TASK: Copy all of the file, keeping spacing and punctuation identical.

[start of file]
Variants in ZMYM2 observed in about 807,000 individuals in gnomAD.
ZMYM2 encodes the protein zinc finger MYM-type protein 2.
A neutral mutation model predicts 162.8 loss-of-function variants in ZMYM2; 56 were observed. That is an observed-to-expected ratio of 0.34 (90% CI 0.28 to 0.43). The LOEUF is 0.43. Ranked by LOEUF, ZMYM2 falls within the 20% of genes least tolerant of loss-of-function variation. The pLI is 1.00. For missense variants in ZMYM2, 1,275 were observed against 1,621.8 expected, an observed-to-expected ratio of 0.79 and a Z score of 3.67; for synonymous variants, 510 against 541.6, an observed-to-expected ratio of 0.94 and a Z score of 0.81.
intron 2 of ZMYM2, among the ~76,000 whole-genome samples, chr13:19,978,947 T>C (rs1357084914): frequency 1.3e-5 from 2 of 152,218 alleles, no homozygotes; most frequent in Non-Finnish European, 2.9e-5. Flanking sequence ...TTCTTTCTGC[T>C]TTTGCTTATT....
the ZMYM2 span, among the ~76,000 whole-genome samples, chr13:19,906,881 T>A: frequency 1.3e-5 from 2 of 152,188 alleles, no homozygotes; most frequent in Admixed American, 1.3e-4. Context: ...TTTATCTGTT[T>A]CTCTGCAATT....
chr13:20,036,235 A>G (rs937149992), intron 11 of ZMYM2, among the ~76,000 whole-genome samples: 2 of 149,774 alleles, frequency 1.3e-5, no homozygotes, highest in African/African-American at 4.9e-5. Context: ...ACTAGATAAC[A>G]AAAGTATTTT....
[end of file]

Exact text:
Variants in ZMYM2 observed in about 807,000 individuals in gnomAD.
ZMYM2 encodes the protein zinc finger MYM-type protein 2.
A neutral mutation model predicts 162.8 loss-of-function variants in ZMYM2; 56 were observed. That is an observed-to-expected ratio of 0.34 (90% CI 0.28 to 0.43). The LOEUF is 0.43. Ranked by LOEUF, ZMYM2 falls within the 20% of genes least tolerant of loss-of-function variation. The pLI is 1.00. For missense variants in ZMYM2, 1,275 were observed against 1,621.8 expected, an observed-to-expected ratio of 0.79 and a Z score of 3.67; for synonymous variants, 510 against 541.6, an observed-to-expected ratio of 0.94 and a Z score of 0.81.
intron 2 of ZMYM2, among the ~76,000 whole-genome samples, chr13:19,978,947 T>C (rs1357084914): frequency 1.3e-5 from 2 of 152,218 alleles, no homozygotes; most frequent in Non-Finnish European, 2.9e-5. Flanking sequence ...TTCTTTCTGC[T>C]TTTGCTTATT....
the ZMYM2 span, among the ~76,000 whole-genome samples, chr13:19,906,881 T>A: frequency 1.3e-5 from 2 of 152,188 alleles, no homozygotes; most frequent in Admixed American, 1.3e-4. Context: ...TTTATCTGTT[T>A]CTCTGCAATT....
chr13:20,036,235 A>G (rs937149992), intron 11 of ZMYM2, among the ~76,000 whole-genome samples: 2 of 149,774 alleles, frequency 1.3e-5, no homozygotes, highest in African/African-American at 4.9e-5. Context: ...ACTAGATAAC[A>G]AAAGTATTTT....